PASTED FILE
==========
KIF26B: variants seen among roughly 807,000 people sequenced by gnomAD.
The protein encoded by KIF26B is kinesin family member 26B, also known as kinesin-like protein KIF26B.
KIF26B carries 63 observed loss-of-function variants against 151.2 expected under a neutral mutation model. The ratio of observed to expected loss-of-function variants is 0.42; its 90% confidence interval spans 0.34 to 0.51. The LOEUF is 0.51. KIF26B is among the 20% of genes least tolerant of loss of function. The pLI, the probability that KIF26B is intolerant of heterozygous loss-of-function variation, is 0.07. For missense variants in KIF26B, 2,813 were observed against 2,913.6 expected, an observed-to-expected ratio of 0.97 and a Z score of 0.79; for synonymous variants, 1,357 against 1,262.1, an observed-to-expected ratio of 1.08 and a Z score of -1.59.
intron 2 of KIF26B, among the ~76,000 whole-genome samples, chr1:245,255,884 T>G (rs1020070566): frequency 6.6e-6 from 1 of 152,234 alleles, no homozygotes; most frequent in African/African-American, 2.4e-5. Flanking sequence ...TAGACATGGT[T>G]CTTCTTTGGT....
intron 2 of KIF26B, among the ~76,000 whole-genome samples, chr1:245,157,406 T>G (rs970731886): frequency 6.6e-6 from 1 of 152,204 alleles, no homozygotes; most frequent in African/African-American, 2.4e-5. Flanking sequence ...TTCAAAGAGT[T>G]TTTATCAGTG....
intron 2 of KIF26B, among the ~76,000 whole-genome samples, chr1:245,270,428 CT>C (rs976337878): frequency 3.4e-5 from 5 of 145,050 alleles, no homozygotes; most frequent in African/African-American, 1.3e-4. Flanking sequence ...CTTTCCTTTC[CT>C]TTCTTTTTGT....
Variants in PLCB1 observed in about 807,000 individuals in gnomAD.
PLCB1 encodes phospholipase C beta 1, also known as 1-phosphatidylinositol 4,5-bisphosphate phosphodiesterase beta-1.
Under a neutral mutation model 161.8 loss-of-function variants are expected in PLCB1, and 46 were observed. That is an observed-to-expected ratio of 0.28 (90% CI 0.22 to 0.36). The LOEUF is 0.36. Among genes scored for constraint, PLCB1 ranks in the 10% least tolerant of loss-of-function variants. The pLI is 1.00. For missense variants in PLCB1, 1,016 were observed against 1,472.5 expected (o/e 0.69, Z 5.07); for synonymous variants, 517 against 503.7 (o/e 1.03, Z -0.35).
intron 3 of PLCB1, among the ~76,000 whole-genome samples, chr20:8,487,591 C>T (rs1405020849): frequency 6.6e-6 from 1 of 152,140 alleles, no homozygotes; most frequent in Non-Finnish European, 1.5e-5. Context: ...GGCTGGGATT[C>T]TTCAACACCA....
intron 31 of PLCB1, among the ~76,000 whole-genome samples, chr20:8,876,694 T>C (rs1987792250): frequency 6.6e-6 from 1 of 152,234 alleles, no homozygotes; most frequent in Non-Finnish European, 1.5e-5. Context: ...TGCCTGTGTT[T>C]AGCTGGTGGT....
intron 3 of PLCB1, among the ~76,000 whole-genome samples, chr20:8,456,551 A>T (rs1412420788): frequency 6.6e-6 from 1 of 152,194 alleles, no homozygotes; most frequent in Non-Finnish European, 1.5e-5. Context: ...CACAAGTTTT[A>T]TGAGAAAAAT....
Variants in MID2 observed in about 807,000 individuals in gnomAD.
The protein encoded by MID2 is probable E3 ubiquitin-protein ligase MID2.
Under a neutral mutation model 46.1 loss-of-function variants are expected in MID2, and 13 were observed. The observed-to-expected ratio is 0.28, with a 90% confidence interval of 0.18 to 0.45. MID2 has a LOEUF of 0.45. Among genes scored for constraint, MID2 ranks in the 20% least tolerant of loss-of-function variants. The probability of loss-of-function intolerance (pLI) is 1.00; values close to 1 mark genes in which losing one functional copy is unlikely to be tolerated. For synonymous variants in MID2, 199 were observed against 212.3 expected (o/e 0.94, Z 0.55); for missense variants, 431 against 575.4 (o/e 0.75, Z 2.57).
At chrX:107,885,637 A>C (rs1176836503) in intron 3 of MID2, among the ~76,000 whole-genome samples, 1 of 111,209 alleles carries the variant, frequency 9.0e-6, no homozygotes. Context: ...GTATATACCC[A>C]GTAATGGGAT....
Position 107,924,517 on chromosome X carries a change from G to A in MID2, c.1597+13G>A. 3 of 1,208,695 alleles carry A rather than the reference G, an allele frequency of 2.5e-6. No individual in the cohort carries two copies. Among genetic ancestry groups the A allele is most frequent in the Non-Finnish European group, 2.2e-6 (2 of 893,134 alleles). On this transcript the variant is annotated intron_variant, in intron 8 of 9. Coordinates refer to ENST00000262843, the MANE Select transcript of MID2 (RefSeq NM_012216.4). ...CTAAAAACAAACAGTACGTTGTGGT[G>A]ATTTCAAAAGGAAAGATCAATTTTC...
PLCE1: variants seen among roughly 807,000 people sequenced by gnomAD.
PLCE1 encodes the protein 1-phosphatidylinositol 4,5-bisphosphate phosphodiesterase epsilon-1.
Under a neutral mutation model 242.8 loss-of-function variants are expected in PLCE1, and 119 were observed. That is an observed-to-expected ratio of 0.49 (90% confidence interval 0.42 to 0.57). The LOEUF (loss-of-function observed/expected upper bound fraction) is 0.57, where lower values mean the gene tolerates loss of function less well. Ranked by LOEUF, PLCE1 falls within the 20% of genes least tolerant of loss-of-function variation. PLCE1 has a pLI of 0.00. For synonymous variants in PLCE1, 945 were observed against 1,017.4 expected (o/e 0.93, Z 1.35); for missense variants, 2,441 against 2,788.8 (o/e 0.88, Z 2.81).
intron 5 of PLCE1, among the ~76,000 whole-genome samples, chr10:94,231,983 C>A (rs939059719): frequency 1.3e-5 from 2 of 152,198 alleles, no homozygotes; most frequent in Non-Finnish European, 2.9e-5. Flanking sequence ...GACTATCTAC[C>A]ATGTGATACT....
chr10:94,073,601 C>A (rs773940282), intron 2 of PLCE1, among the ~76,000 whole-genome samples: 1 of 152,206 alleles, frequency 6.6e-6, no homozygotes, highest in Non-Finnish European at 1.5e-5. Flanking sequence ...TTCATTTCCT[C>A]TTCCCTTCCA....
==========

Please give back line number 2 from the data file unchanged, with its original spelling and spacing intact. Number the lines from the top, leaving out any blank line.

The protein encoded by KIF26B is kinesin family member 26B, also known as kinesin-like protein KIF26B.